The California Court of Appeal for the First Appellate District recently upheld a trial court ruling that exposure to lead should be measured by an average exposure over time as opposed to a single day exposure and also discharged defendant food and beverage manufacturers of a duty to warn consumers of low regulatory levels of lead in its products.Environmental Law Foundation v. Beech-Nut Nutrition Corp. et al., Case Number A139821 (March 17, 2015)

Plaintiff, the Environmental Law Foundation (ELF), filed a complaint against Beech-Nut Nutrition Corporation and various other food manufacturers, distributors, and retailers, seeking enforcement of the provisions of the Safe Drinking Water and Toxic Enforcement Act of 1986, commonly referred to as Proposition 65 (Health & Saf. Code, § 25249.5 et seq.).  ELF alleged certain of defendants’ products (baby foods and juices) contain toxic amounts of lead sufficient to trigger the duty to provide warnings to consumers.  After a bench trial, the trial court entered judgment in favor of defendants, concluding they had no duty to warn because they satisfactorily demonstrated that the average consumer’s reasonably anticipated rate of exposure to lead from their products falls below relevant regulatory thresholds.  ELF appealed.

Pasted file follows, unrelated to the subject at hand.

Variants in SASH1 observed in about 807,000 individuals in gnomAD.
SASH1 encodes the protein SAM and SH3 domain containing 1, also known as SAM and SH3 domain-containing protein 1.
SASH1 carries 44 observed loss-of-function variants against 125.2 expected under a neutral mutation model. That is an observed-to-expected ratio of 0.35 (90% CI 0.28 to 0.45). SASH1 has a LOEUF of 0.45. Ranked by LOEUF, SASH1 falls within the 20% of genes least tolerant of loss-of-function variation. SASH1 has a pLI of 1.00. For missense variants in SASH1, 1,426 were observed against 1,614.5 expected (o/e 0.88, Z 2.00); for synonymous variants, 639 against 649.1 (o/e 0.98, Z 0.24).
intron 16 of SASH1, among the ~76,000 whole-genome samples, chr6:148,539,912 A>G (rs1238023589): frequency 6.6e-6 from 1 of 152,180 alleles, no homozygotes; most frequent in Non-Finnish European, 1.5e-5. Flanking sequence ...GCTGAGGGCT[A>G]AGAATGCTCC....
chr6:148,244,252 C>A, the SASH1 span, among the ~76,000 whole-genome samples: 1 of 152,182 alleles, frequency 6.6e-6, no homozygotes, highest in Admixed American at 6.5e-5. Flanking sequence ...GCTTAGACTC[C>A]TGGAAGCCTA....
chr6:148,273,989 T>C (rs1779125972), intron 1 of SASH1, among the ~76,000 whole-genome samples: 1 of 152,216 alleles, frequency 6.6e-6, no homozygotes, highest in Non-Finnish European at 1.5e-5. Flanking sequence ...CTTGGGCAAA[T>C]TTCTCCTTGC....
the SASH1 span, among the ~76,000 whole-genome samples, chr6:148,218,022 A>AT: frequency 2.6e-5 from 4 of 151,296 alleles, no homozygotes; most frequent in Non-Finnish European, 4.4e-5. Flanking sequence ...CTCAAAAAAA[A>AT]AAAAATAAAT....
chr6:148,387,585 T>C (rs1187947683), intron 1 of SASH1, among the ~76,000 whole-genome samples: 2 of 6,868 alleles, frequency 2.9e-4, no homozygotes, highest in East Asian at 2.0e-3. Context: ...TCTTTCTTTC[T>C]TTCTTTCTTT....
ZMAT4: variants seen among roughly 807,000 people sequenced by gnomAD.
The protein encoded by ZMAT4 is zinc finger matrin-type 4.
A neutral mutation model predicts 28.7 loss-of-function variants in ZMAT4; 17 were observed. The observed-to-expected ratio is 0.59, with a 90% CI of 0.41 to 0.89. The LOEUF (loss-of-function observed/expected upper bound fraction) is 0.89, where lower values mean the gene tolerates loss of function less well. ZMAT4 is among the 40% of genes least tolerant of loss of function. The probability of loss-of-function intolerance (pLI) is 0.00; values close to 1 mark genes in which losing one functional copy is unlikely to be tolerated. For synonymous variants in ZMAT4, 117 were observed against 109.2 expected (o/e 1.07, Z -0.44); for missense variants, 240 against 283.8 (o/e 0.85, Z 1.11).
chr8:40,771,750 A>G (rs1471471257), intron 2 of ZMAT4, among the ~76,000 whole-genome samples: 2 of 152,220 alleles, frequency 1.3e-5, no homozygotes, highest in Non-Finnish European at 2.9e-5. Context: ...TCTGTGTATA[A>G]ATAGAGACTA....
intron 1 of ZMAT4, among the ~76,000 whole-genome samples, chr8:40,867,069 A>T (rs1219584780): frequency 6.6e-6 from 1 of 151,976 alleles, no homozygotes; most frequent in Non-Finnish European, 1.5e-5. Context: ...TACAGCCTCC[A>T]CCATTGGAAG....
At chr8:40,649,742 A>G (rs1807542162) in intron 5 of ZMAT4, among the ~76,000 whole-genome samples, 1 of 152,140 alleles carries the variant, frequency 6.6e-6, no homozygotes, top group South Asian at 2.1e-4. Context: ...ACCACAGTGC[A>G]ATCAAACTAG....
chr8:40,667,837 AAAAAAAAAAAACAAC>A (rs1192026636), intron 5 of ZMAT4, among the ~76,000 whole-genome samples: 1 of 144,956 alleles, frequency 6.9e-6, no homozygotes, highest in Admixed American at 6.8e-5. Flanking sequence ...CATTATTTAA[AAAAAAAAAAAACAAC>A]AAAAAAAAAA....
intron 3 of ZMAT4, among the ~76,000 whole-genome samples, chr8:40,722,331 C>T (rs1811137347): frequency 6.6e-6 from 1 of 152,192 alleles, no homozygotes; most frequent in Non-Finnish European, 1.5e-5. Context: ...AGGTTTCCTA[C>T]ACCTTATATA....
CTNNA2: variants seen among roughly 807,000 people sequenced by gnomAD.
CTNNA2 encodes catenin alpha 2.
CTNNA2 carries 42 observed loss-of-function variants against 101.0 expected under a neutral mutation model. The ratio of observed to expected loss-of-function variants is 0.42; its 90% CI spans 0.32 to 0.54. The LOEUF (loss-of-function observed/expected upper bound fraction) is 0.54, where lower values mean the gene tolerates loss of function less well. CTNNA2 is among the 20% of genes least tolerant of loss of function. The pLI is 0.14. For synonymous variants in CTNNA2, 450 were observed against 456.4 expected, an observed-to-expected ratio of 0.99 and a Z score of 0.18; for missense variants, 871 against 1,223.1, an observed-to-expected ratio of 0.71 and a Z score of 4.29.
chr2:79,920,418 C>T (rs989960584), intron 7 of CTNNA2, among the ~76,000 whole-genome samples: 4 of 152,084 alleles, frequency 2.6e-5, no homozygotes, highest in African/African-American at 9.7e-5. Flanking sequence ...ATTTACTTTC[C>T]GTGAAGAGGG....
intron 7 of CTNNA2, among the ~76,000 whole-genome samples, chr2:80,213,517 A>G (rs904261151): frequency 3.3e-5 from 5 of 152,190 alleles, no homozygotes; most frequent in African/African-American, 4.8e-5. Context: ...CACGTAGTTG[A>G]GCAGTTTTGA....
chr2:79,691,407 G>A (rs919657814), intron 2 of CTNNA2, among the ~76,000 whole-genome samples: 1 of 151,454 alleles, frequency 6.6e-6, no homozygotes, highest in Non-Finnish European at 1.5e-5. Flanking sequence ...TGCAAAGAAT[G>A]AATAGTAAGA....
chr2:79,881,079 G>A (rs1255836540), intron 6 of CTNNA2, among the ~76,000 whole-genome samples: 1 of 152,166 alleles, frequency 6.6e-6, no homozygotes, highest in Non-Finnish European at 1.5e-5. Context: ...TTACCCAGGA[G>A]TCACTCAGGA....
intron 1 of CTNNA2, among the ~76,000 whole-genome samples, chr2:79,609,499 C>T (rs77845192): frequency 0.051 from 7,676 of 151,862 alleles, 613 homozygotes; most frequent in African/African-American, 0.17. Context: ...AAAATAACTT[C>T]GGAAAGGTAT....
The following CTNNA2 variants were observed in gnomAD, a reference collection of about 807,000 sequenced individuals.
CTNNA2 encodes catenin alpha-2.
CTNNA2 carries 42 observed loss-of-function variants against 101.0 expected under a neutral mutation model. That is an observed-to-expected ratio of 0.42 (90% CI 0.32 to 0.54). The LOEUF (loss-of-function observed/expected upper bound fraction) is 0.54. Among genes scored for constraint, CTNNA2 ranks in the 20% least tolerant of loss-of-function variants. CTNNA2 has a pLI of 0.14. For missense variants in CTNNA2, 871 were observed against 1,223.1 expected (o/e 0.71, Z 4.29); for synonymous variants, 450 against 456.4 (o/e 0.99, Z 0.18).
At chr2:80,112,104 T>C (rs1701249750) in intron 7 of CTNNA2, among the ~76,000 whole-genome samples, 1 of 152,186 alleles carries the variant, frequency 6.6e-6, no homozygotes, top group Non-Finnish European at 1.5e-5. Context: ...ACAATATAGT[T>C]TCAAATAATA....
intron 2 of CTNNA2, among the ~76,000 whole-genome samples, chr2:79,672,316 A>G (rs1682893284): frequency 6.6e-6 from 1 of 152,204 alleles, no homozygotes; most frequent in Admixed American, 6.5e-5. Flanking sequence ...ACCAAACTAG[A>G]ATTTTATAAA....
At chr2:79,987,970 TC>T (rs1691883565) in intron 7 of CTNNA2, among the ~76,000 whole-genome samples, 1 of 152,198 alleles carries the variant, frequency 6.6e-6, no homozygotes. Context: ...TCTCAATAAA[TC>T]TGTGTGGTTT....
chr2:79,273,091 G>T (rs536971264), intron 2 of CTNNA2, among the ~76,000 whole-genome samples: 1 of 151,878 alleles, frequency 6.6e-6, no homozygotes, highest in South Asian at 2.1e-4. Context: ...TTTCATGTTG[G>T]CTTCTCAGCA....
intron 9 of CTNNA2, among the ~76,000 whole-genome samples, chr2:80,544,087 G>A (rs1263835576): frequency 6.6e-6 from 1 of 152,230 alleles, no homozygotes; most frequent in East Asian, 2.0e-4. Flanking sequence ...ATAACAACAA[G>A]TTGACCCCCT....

After carefully examining both parties experts’ trial testimony and evidence, the Court of Appeal affirmed the trial court’s decision allowing food manufacturers to calculate exposure to Prop 65-listed chemicals (such as lead) over time based on actual data concerning how the particular food or beverage is consumed and based on an average of lead levels detected across lots instead of exposure calculations based on the food/beverage sample with the highest concentration of lead and consumption of that product each day.

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